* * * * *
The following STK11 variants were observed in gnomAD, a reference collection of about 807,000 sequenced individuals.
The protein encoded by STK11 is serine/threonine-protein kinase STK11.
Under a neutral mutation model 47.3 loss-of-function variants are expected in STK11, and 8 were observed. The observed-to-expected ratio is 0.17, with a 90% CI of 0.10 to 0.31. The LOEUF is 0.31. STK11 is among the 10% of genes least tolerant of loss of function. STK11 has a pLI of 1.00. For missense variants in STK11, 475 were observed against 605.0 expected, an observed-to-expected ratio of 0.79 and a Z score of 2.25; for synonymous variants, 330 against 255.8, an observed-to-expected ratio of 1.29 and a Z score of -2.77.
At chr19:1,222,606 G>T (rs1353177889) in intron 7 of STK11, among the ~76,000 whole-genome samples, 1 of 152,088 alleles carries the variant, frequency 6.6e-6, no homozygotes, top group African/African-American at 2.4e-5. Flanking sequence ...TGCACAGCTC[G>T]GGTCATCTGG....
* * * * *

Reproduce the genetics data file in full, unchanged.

The following STK11 variants were observed in gnomAD, a reference collection of about 807,000 sequenced individuals.
The protein encoded by STK11 is serine/threonine-protein kinase STK11.
Under a neutral mutation model 47.3 loss-of-function variants are expected in STK11, and 8 were observed. The observed-to-expected ratio is 0.17, with a 90% CI of 0.10 to 0.31. The LOEUF is 0.31. STK11 is among the 10% of genes least tolerant of loss of function. STK11 has a pLI of 1.00. For missense variants in STK11, 475 were observed against 605.0 expected, an observed-to-expected ratio of 0.79 and a Z score of 2.25; for synonymous variants, 330 against 255.8, an observed-to-expected ratio of 1.29 and a Z score of -2.77.
At chr19:1,222,606 G>T (rs1353177889) in intron 7 of STK11, among the ~76,000 whole-genome samples, 1 of 152,088 alleles carries the variant, frequency 6.6e-6, no homozygotes, top group African/African-American at 2.4e-5. Flanking sequence ...TGCACAGCTC[G>T]GGTCATCTGG....